Cuba, battling economic crisis, imposes sweeping price controls
Resolutions published in the official gazette banned all retail and wholesale price increases except for products imported and distributed by the state where already-set profit margins cannot be increased. "In effect they have suspended what there is of a market," a Cuban economist said, asking not to be identified due to restrictions on talking to foreign journalists.
While state-run companies dominate the economy, reforms in recent years have led to a growing private sector of cooperatives, farmers, small businesses and self-employed individuals who, for example, work in the skilled trades or drive taxis, and in general operate on a market basis. Resolution 302 of the Finances and Prices Ministry lists all actors in what is called the non-state sector, saying that they "cannot increase current prices and tariffs of products and services."
Cuban President Miguel Diaz-Canel announced earlier this month that the government had adopted a series of emergency measures to fight economic stagnation and dwindling foreign currency earnings that began in 2015 as the economy of key ally Venezuela imploded, and which have been aggravated by a series of new U.S. sanctions. The measures included increased wages and pensions for more than 2 million state employees, amounting to more than 8 billion pesos annually, or close to 13 percent of this year's budget.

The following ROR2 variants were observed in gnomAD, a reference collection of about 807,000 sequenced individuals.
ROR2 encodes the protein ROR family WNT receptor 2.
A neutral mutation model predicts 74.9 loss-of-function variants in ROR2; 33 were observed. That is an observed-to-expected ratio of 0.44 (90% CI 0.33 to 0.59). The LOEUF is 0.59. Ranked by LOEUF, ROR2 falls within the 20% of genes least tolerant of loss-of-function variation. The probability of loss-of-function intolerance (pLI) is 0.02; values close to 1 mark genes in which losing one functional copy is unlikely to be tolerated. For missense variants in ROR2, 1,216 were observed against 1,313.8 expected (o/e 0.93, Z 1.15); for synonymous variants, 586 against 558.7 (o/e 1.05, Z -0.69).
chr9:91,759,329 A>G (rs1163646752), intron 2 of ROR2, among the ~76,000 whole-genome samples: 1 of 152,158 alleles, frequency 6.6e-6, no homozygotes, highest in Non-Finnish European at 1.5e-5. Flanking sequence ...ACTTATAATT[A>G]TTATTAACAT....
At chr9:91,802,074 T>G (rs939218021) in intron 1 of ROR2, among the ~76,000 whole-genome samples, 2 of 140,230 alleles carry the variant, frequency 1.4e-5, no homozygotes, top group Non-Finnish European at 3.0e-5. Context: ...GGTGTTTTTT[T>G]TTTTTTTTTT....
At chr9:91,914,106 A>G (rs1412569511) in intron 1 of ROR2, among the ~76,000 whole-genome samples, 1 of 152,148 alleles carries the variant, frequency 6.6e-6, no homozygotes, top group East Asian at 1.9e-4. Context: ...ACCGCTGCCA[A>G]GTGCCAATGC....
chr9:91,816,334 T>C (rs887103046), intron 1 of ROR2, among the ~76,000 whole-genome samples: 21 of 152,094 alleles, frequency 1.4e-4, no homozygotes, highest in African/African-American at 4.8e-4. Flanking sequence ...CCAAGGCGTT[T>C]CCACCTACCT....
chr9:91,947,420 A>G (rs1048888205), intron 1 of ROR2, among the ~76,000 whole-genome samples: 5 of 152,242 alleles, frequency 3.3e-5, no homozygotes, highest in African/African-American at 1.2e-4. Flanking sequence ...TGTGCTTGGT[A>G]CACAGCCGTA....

Diaz-Canel said other measures still to be announced included price controls and policies aimed at stimulating local production to meet increased consumer demand without sparking inflation. Cafeteria owner Manuel Rodriguez, like other small business owners, said he had no problem with the controls if the state and informal sector complied, which he doubted.
"I agree and would comply with regulating prices, but domestic products are scarce in stores and we must resort to imported ones that are more expensive," Rodriguez said. Economist Andrew Zimbalist, a Cuba expert at Smith College in the United States, said, "Such measures are usually okay for short periods of time, but if they stay in place they begin to create serious distortions in the economy."
Pavel Vidal, a former Cuban central bank economist who teaches at Colombia's Universidad Javeriana Cali, took a similar view. "The more they control prices in formal markets, the more inflation and instability there will be in informal markets and the less incentive the productive sector has," he said.
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